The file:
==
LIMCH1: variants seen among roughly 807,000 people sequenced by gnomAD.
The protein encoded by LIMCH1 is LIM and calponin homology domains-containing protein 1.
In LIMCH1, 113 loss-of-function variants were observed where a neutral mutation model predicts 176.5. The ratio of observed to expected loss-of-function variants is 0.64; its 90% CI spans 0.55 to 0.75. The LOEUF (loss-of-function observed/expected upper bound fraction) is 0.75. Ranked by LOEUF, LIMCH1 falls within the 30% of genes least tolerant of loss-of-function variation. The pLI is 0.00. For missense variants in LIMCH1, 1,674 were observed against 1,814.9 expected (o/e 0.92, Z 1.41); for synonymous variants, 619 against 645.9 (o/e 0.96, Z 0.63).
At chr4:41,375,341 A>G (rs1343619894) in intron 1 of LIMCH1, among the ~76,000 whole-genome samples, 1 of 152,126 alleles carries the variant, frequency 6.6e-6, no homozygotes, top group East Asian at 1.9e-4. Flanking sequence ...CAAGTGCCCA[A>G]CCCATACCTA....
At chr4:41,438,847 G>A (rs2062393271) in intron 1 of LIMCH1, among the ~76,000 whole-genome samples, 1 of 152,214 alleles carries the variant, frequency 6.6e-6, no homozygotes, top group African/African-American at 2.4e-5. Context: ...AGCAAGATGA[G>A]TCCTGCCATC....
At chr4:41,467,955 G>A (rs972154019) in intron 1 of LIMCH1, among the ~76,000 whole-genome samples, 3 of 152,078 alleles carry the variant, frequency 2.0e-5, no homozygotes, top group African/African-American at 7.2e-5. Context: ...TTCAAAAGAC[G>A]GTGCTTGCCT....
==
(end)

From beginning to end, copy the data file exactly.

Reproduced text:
LIMCH1: variants seen among roughly 807,000 people sequenced by gnomAD.
The protein encoded by LIMCH1 is LIM and calponin homology domains-containing protein 1.
In LIMCH1, 113 loss-of-function variants were observed where a neutral mutation model predicts 176.5. The ratio of observed to expected loss-of-function variants is 0.64; its 90% CI spans 0.55 to 0.75. The LOEUF (loss-of-function observed/expected upper bound fraction) is 0.75. Ranked by LOEUF, LIMCH1 falls within the 30% of genes least tolerant of loss-of-function variation. The pLI is 0.00. For missense variants in LIMCH1, 1,674 were observed against 1,814.9 expected (o/e 0.92, Z 1.41); for synonymous variants, 619 against 645.9 (o/e 0.96, Z 0.63).
At chr4:41,375,341 A>G (rs1343619894) in intron 1 of LIMCH1, among the ~76,000 whole-genome samples, 1 of 152,126 alleles carries the variant, frequency 6.6e-6, no homozygotes, top group East Asian at 1.9e-4. Flanking sequence ...CAAGTGCCCA[A>G]CCCATACCTA....
At chr4:41,438,847 G>A (rs2062393271) in intron 1 of LIMCH1, among the ~76,000 whole-genome samples, 1 of 152,214 alleles carries the variant, frequency 6.6e-6, no homozygotes, top group African/African-American at 2.4e-5. Context: ...AGCAAGATGA[G>A]TCCTGCCATC....
At chr4:41,467,955 G>A (rs972154019) in intron 1 of LIMCH1, among the ~76,000 whole-genome samples, 3 of 152,078 alleles carry the variant, frequency 2.0e-5, no homozygotes, top group African/African-American at 7.2e-5. Context: ...TTCAAAAGAC[G>A]GTGCTTGCCT....